Practice Management

Don't forget the middle children - Gen X

Getting it right with this unique cohort will also make you better prepared for millennials

Nov 16, 2014 @ 12:01 am

By Wayne Badorf

Advisers have become so focused on serving baby boomer clients and attracting their millennial children that they may be forgetting those in the middle — Gen Xers.

Xers are truly the middle children. For starters, they total 46 million, compared with 80 million boomers and 78 million millennials. They are the offspring of traditionalists and older boomers, and their lives straddle the Atari and iPhone ages.

This generation is all grown up, with the oldest in their early 50s and the youngest in their late 30s. Established in their careers, they are in their peak earning years. Many are senior leaders of companies or well on their way.

Xers deserve your attention and your best financial advice. You cannot rehash a plan or strategy that worked for boomers. Get it right with Xers, and you will be better prepared to work with millennials.

Here are five ways you can appeal to Xers:

1. Build trust with a group that doesn't inherently trust you.

Xers, the latchkey kids of the "70s and "80s, are highly self-reliant. They entered the workforce with the introduction of self-directed retirement and 401(k) plans. They trust their own decision-making process, but they still need your expertise.

This generation is less likely to delegate all decision-making to an adviser, as boomers and traditionalists would, and they benefit from being part of the financial planning process. Rather than tell Xers what to do or merely read their account statement to them, use a collaborative approach.

For example, involve them in the asset allocation discussion. Present choices and discuss the merits of each option. Encourage questions. Have a real discussion, and agree on moves together.

2. Find ways for them to raise their children to be financially independent.

Xers are perhaps the first generation to be uncertain that any Social Security benefits will be coming their way. Meanwhile, they're learning the costs associated with living longer as they watch their parents age and raise their own families.

Xers will appreciate an adviser who says, “Let's take a step back to help teach your kids about money and investments.” You could offer workshops for families. Bring in Xers to learn about saving for retirement or college while their kids learn about saving or hear people discuss their careers.

3. Recognize that retirement may take on a new meaning.

Xers are not as retirement-focused as their parents. They want time to pursue hobbies and to travel, and have already spent years figuring out how to balance work and life. They are OK with working longer if it means they can do the things they want to do.

This is great news for advisers. While you will have a tougher job persuading boomers to rethink retirement, Xers are open to ideas. They will be more accepting of your guidance on asset allocation and what you think their retirement plan can look like.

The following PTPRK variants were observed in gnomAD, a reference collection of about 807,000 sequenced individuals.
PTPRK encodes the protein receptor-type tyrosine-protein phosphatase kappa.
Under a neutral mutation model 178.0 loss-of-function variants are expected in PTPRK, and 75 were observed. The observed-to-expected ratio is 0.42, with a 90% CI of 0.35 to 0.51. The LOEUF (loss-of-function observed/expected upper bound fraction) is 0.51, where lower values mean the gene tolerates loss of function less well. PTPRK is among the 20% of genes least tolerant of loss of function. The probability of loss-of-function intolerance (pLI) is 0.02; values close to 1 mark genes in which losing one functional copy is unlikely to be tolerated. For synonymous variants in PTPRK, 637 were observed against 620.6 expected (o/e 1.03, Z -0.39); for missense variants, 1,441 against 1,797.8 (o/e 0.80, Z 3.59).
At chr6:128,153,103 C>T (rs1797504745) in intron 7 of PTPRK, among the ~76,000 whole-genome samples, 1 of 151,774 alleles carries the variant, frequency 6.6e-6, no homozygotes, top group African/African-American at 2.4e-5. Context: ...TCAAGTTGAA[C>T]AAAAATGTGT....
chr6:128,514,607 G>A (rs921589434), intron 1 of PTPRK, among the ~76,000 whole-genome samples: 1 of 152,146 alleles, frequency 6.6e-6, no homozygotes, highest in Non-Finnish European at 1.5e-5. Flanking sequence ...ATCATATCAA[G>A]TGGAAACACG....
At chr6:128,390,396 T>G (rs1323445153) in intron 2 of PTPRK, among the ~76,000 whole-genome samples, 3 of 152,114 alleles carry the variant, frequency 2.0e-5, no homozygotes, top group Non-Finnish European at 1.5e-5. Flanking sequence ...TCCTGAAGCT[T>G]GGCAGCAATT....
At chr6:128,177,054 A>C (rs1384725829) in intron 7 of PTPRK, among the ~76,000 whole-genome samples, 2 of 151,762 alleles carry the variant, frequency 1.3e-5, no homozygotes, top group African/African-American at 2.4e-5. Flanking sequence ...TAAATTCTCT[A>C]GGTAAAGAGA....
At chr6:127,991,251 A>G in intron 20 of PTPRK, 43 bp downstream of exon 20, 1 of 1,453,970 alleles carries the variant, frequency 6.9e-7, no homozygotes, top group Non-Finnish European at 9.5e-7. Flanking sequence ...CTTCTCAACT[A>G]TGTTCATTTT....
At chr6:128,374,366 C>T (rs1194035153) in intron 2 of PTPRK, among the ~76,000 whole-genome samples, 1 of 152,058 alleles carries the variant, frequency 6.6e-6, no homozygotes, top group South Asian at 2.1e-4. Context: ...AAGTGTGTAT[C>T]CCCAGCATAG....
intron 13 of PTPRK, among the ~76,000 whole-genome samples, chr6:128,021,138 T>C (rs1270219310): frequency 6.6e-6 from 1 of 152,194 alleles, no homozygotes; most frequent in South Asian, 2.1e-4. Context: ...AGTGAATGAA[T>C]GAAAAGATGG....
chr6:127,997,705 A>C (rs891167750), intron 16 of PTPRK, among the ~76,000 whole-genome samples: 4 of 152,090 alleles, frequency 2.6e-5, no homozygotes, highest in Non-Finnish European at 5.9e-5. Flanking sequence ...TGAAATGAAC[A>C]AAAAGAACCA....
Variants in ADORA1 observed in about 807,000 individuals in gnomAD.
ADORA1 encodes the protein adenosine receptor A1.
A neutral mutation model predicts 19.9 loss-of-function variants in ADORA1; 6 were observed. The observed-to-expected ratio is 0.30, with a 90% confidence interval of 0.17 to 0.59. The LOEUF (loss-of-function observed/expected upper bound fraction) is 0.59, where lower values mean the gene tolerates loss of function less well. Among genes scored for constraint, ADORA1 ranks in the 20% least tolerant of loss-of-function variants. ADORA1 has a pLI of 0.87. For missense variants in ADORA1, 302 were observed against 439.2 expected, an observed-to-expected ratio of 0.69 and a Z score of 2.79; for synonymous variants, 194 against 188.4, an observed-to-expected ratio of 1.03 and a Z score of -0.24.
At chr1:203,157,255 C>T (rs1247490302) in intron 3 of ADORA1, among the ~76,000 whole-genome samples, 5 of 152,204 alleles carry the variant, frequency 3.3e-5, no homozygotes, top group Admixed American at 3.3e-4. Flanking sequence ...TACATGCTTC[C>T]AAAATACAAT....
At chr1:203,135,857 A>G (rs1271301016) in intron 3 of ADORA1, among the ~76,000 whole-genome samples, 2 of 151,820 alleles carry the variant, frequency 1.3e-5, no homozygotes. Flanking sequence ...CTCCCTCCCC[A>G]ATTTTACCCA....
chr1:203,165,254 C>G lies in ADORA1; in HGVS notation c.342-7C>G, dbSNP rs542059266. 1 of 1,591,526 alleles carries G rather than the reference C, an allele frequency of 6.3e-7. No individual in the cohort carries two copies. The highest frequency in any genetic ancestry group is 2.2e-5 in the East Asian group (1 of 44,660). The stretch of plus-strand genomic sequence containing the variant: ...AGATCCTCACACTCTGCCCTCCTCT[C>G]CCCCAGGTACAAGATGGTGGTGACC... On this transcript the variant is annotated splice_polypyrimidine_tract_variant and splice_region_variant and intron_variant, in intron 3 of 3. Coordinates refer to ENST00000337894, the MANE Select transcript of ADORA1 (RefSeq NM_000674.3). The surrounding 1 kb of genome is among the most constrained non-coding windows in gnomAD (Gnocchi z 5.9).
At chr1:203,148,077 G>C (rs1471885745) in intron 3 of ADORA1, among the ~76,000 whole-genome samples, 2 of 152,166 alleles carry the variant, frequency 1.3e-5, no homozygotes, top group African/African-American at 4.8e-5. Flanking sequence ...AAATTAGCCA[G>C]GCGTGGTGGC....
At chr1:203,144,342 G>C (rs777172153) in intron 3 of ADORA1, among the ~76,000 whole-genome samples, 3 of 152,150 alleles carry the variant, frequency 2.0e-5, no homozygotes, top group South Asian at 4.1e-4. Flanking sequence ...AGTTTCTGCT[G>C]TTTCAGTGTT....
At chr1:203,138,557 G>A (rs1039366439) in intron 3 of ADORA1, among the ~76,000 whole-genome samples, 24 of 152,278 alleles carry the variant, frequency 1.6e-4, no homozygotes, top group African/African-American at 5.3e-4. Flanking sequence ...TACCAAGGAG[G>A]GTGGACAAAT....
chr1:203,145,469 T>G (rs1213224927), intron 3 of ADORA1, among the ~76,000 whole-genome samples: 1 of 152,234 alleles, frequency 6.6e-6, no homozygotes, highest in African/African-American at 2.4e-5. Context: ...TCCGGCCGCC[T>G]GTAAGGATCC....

4. Prove you're an expert on their generation.

When you meet with Xers, talk about how you've helped others their age. Talk specifically about the issues they face: the tax implications of choosing the wrong retirement vehicle, for example. Should they select a traditional IRA or a Roth IRA? Should they fund their 401(k) before funding an IRA?

Become the trusted adviser who discusses the matters Xers need to consider and who helps them along paths they may not have arrived at on their own.

If you blog or tweet, be sure to post material relevant and interesting to Xers. It's an effective way to reinforce the expertise you deliver.

5. Use technology for in-person meetings.

The one thing Xers lack is time. They are in the thick of their careers and raising families. They might not want or be able to sacrifice the time to meet in person. Think webcasts and teleconferences. Think outside 9 to 5 with short meetings and digestible chunks of time. It will be easier to get an Xer to talk for 20 minutes than commit to a two-hour session.

Consider how to break the financial plan into parts, with specific courses of action after each segment.

One way to keep meetings short is to provide information or research beforehand. Rather than take time lecturing on the merits of a risk-conscious investment portfolio, send Xers an article or a video on the topic.

Remember, you don't have to cover everything in one sitting. Xers want to be part of an ongoing conversation.

Wayne Badorf is head of intermediary sales at Wells Fargo Asset Management and president of Wells Fargo Funds Distributor.


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